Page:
highly affected by the characteristics12-14 and damage11, 15-18 of the Si-particles, where
especially ductility13 and strain hardening rate is increased with increased aspect ratio
of the Si-particles.15, 16, 19, 20
Damage of the Si-particles consists of three stages: cracking or debonding, microcrack
formation and growth, and local linkage of microcracks,6, 21 and both cracked6, 11, 17, 18 and
debonded18, 22 particles may initiate global fracture. Particle fracture is caused by
incompatibility stresses between particle and matrix,18, 22 and in general larger and
longer particles are more likely to crack.6, 17 The probability of particle-cracking, ppc, can
be described by Weibull statistics as11
  V    m 
p pc  1  exp    p  
  V0   p 0  
where V is the particle volume, V0 is a reference volume, σp is the tensile stress in the
particle, σp0 is a reference stress and m is the Weibull modulus.
The mechanical properties are also reduced by the presence of iron-rich intermetallic
phases, most importantly α-, β- and π-Fe phases,7, 23, 24 and by the structural integrity2532 of the component, i.e. the presence of structural defects such as porosity, oxide films,
macro- and micro-porosity. While yield strength is relatively unaffected by porosity,25-27
both UTS and elongation to fracture decrease with increased amount of porosity.25, 27
Defects generally affect fracture strength, elongation to fracture and fatigue life of cast
aluminium alloys28, 29 and cause variations in properties achieved during the casting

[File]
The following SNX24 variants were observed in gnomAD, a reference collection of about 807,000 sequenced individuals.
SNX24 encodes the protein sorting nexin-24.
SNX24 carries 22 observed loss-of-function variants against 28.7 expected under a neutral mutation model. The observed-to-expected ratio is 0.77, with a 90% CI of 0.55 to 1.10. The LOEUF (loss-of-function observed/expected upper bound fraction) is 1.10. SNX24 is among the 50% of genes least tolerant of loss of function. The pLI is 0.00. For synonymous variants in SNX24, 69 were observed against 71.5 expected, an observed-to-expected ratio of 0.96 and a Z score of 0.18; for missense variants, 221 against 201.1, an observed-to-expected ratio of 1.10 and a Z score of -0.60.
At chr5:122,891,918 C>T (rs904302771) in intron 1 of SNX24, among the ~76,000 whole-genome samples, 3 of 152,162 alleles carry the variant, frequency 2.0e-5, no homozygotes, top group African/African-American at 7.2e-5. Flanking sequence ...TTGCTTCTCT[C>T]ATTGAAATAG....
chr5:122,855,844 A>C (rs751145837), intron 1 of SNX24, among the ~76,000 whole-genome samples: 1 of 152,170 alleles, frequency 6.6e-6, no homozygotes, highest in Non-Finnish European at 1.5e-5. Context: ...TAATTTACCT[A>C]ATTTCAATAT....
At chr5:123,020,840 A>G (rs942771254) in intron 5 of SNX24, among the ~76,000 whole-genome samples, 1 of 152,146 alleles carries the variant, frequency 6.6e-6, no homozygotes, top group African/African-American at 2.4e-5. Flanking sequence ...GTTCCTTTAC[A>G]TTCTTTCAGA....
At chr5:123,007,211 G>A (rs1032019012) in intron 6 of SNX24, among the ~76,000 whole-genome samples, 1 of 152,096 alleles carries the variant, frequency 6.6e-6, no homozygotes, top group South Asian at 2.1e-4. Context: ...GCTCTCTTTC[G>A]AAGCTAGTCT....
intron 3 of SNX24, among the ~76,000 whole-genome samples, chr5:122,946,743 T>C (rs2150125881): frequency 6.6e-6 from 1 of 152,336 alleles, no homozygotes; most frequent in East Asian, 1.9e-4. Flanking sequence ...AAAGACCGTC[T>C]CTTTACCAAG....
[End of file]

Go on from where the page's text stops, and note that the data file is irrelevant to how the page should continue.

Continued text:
process.30 Elongation to fracture is reported to depend on defects as31, 32
e f  emax 1  f d  G
where fd is the area fraction of defects, emax is the tensile ductility of defect-free material,
i.e. the highest achievable elongation to fracture, and nG is an empirical constant
interpreted as the index of defect susceptibility of the material. A low value of nG implies
that the alloy can tolerate a larger concentration of defects.31
The mechanical behaviour of the material within the component thus originates from
the casting process and will vary throughout the component. Since the local and nonlocal mechanical response of structures are affected by non-uniformity in material
behaviour it is important to consider these local variations of the material behaviour
within the component when analysing the mechanical response of the component.33 In
addition, the manufacturing process leads to variations in material quality, which affects
the performance of the actual component in service. Thus to correctly predict the
behaviour of cast aluminium components, it is important to include the material
behaviour within the specific component in simulations, and to study the variations in
component performance due to the casting process. These parameters vary with the
design of the component, and can to different extents be predicted using casting
simulation software. The current contribution aims to study and discuss different
methods to include material behaviour specific to cast aluminium alloys into finite
element simulations of mechanical behaviour of components. This knowledge is of direct
importance to the process of designing cast components, since it combines knowledge of
design, simulation and casting. All these different aspects need to be considered in order
to be able to design robust and optimised cast aluminium components.
Finite element (FEM) simulations have been extensively used for understanding the
plastic behaviour of cast aluminium alloys on the micro- and meso-scale levels. FEM
based micromechanics approaches have been applied to study the effect of e.g. nonuniformly distributed voids of different shapes and sizes,34, 35 stress distributions